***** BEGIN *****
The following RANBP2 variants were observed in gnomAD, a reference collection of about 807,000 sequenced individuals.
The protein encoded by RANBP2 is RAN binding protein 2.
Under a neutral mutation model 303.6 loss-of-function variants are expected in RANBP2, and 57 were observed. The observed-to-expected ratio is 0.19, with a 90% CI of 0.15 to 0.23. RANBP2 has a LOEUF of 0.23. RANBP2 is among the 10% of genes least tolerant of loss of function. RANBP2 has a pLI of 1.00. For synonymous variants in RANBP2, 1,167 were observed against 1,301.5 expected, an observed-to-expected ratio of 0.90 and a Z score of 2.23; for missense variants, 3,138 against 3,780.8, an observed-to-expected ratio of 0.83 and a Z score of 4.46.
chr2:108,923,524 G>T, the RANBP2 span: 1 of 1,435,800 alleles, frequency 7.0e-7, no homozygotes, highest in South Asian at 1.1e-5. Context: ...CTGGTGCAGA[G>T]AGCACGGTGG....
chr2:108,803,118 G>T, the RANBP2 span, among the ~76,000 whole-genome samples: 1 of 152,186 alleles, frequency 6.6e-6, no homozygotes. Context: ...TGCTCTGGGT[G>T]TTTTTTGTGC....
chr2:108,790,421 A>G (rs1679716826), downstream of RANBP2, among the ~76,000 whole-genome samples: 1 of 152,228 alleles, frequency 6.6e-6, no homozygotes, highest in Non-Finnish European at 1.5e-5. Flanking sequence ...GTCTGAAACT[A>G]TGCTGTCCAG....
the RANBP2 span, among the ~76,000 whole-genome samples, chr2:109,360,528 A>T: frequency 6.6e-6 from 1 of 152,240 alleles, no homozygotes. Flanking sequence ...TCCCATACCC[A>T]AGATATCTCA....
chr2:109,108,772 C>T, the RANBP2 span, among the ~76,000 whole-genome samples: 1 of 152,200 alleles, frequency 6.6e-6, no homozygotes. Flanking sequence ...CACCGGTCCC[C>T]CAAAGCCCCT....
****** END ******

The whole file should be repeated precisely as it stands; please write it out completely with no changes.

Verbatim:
The following RANBP2 variants were observed in gnomAD, a reference collection of about 807,000 sequenced individuals.
The protein encoded by RANBP2 is RAN binding protein 2.
Under a neutral mutation model 303.6 loss-of-function variants are expected in RANBP2, and 57 were observed. The observed-to-expected ratio is 0.19, with a 90% CI of 0.15 to 0.23. RANBP2 has a LOEUF of 0.23. RANBP2 is among the 10% of genes least tolerant of loss of function. RANBP2 has a pLI of 1.00. For synonymous variants in RANBP2, 1,167 were observed against 1,301.5 expected, an observed-to-expected ratio of 0.90 and a Z score of 2.23; for missense variants, 3,138 against 3,780.8, an observed-to-expected ratio of 0.83 and a Z score of 4.46.
chr2:108,923,524 G>T, the RANBP2 span: 1 of 1,435,800 alleles, frequency 7.0e-7, no homozygotes, highest in South Asian at 1.1e-5. Context: ...CTGGTGCAGA[G>T]AGCACGGTGG....
chr2:108,803,118 G>T, the RANBP2 span, among the ~76,000 whole-genome samples: 1 of 152,186 alleles, frequency 6.6e-6, no homozygotes. Context: ...TGCTCTGGGT[G>T]TTTTTTGTGC....
chr2:108,790,421 A>G (rs1679716826), downstream of RANBP2, among the ~76,000 whole-genome samples: 1 of 152,228 alleles, frequency 6.6e-6, no homozygotes, highest in Non-Finnish European at 1.5e-5. Flanking sequence ...GTCTGAAACT[A>G]TGCTGTCCAG....
the RANBP2 span, among the ~76,000 whole-genome samples, chr2:109,360,528 A>T: frequency 6.6e-6 from 1 of 152,240 alleles, no homozygotes. Flanking sequence ...TCCCATACCC[A>T]AGATATCTCA....
chr2:109,108,772 C>T, the RANBP2 span, among the ~76,000 whole-genome samples: 1 of 152,200 alleles, frequency 6.6e-6, no homozygotes. Flanking sequence ...CACCGGTCCC[C>T]CAAAGCCCCT....